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Bettis Expected to Be Rams' Top Selection : Football: Because Georgia's Garrison Hearst apparently will be taken earlier, the team has switched its attention to the Notre Dame running back.


ANAHEIM — The Rams, who considered offering the New England Patriots all of their picks in today's NFL draft to acquire Georgia running back Garrison Hearst, apparently have decided to stay put. They are expected to select Notre Dame running back Jerome Bettis, if he is available.

"Ground Chuck," Bettis said. "Just the thought of playing for Chuck Knox gets me pumped up. Let's hope that's the way it goes."

Bettis, in New York today for the draft, earned the nickname, "Big Daddy" from his Irish teammates. Built like the Chargers' Marion Butts, he can run like a tailback while delivering the blows of a heavy-duty truck.

"I started it as a freshman," Bettis explained. "When I get hit, I pop back up off the ground and run back to the huddle. I try to demoralize the defense. It's like this, I'm pounding on you, pounding on you, and I'm running back to the huddle so I can pound on you some more."

Music to Knox's ears.

"He can move the pile, and he has the great ability to gain yardage after the first contact," Knox said. "That's the mark of any great running back."

The Rams, who are picking 10th, will be happy with Bettis, a 247-pound battering ram. They remain sold on Hearst, but after talking trade with the first four teams in the first round, they have found the price for moving forward prohibitive.

The Cardinals have made it known that they will take Hearst with the fourth selection. The Jets, who are picking third, were mulling an offer from Tampa Bay but still were expected to take Florida State linebacker Marvin Jones.

Seattle has the second choice and will take whichever quarterback New England does not. The Seahawks prefer Washington State's Drew Bledsoe but might wind up with Notre Dame's Rick Mirer.

The Colts, who are interested in Hearst, reportedly offered the Patriots defensive lineman Jon Hand and first-, second- and third-round picks in today's draft. The Patriots are holding out for a front-line player.

The Rams, who are in need of every one of their front-line players, have focused their attention on Bettis. But he is also on the Colts' wish list. If they fail to get Hearst, they might attempt to jump in front of the Rams for Bettis.

The Rams have prepared themselves for such a raid, and if Bettis is gone, they will take USC wide receiver Curtis Conway. If both Conway and Bettis are swiped, they will attempt to trade back in the first round and, for doing so, try to acquire an additional third-round pick.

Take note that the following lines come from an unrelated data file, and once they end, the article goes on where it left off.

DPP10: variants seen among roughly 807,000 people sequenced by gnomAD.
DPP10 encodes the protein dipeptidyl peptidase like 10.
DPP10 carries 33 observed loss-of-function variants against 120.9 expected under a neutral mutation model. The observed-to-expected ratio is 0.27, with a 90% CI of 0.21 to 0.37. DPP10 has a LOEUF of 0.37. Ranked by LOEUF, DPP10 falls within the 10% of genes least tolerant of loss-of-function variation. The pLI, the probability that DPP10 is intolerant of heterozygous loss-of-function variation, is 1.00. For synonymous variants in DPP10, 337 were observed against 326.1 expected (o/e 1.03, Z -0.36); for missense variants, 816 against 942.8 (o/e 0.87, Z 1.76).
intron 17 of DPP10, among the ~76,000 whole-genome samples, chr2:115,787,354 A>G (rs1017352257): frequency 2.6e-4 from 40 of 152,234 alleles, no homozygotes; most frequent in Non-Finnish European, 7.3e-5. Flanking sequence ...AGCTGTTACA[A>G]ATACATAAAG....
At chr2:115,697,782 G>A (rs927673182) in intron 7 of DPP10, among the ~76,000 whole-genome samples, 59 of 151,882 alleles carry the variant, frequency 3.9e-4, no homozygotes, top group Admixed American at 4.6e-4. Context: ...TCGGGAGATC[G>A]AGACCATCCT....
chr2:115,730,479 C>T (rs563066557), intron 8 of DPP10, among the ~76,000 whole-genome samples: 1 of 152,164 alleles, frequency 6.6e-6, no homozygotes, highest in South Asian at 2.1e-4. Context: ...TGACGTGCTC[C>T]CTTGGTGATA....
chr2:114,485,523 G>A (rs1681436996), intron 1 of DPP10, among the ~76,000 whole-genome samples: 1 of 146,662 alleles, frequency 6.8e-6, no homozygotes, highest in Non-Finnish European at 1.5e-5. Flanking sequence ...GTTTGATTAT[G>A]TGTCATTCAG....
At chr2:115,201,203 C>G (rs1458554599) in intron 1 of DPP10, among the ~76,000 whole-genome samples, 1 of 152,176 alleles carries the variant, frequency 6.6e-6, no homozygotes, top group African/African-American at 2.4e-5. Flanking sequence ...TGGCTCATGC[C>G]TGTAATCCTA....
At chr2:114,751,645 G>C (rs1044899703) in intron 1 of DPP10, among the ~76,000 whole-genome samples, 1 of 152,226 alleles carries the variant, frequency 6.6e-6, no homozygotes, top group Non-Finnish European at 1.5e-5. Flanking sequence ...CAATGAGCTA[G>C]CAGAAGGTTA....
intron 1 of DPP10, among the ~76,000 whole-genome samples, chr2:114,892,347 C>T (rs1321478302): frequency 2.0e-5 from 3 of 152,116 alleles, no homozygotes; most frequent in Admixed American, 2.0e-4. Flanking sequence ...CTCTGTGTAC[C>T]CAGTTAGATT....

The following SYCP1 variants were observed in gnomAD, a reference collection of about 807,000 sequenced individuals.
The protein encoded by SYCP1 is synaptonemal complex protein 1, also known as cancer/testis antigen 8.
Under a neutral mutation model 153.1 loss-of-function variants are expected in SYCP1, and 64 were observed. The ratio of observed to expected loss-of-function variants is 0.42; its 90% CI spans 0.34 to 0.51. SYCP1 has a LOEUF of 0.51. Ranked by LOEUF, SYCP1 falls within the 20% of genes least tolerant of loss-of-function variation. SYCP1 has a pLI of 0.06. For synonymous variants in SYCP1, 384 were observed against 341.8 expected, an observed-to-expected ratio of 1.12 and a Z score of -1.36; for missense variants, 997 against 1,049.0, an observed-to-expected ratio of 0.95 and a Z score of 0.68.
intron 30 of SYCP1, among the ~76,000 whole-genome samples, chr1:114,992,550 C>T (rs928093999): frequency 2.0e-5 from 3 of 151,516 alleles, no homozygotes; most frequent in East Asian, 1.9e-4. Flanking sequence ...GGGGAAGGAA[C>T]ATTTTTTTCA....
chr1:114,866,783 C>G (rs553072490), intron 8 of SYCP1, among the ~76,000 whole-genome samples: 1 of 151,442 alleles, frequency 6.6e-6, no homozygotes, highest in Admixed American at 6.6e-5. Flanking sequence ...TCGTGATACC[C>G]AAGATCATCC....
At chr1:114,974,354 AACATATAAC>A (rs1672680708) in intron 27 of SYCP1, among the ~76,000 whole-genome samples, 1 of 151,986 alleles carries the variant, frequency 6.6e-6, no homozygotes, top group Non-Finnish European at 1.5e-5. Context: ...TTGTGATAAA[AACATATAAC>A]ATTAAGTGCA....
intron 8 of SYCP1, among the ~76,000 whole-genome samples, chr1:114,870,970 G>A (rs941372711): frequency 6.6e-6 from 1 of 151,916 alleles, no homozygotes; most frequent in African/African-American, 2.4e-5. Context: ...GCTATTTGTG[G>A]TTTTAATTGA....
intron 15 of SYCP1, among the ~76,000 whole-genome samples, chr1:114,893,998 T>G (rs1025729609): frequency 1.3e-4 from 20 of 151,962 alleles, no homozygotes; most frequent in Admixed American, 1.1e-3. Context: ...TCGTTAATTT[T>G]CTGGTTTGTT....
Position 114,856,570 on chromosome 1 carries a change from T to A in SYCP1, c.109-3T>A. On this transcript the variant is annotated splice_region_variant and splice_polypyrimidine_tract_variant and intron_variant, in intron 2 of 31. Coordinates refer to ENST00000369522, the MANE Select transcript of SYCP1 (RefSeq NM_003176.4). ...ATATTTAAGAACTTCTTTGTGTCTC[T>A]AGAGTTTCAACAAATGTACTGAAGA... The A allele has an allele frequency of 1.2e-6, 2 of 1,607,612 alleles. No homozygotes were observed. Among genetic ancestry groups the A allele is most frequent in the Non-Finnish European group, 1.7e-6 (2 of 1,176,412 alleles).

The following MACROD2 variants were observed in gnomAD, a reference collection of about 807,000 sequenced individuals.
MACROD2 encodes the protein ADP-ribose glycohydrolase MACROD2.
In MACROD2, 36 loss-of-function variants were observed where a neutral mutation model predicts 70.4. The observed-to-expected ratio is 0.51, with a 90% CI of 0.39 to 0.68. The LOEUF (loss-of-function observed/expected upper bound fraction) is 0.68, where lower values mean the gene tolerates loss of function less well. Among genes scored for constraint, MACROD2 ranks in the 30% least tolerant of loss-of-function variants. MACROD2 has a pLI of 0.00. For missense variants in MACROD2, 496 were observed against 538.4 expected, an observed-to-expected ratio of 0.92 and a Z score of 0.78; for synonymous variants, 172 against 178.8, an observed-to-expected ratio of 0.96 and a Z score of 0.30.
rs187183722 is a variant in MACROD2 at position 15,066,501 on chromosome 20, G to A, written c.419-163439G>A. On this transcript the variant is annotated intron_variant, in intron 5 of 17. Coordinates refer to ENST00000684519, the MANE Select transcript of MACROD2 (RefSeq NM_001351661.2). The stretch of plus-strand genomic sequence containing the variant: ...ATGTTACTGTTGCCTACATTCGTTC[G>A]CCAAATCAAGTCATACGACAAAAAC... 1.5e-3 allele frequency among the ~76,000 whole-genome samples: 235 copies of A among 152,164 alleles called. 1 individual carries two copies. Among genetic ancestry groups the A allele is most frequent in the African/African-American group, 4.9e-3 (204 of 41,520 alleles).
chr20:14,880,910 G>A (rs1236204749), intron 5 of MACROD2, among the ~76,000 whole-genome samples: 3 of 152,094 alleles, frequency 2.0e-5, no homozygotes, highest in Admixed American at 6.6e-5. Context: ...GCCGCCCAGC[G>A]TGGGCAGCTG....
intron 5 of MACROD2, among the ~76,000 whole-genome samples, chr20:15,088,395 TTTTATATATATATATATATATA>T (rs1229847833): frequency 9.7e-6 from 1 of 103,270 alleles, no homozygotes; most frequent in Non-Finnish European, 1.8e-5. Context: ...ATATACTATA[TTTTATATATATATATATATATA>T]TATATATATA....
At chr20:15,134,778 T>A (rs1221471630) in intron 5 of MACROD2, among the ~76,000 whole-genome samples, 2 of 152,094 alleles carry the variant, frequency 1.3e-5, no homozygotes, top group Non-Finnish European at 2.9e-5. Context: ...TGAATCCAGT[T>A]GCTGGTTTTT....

Conway, considered the premier home-run hitter in this draft because of his outstanding speed, has intrigued the Rams. They lack such game-breaking ability, and they also have not been overwhelmed recently by the play of wide receiver Henry Ellard.

But Conway is not regarded as a polished receiver, and his development might take some time. The Rams believe that Bettis will provide an immediate impact.

If they fail to land Bettis, the Rams' search for a running back will continue. The team is concerned that free agent Cleveland Gary's contract demands will result in him reporting late to training camp. They also remain concerned about his continuing inability to hold onto the football.

The Chiefs said Saturday that Barry Word and Christian Okoye are available, and the Cardinals might be willing to deal Johnny Johnson if they get Hearst.

The Rams are also interested in North Carolina's Natrone Means and Notre Dame's Reggie Brooks, and while it's a longshot, they might be available in the second round.

In Bettis, the Rams would get a fullback who has enough tailback speed to turn the corner and gain big yardage. He gained 825 yards on 154 carries last season, scoring 10 touchdowns, and also averaged 15.9 yards per reception.

"I have a tailback mind in a fullback's body," Bettis said. "I have the thighs of a fullback, and I have grown up playing fullback. But I also think I have a little more running ability than the average fullback."

Bettis, who earned a reputation for playing his best football in big games, scored three touchdowns in the 1992 Sugar Bowl and three more in the 1993 Cotton Bowl.

He had to talk his mother into letting him leave the bowling alleys and play high school football.

"I've been a bowler all my life," he said. "I have about a 170 to 165 average now, but I don't get much time to roll these days. My mom didn't want me to play football because of the violence, but when I started playing, she didn't miss a game."

Bettis will undoubtedly help the Ram running game, but he is more suited to a one-back attack. The Rams have employed a one-back look, but as a rule, they prefer to mix it up. Bettis' acquisition will require some adjustment.

If the Rams get Bettis, they will still lack the speed needed for a big-play threat. Miami wide receiver Kevin Williams might solve that problem should he remain available in the second round.

The Rams are also searching for a pass-rushing linebacker, and Tennessee's Todd Kelly would be tough to pass on.

The Rams lack a fourth-round pick but have a selection in each of the other seven rounds. They acquired an additional eight-round pick from Cleveland to complete last year's trade of linebacker Frank Stams.

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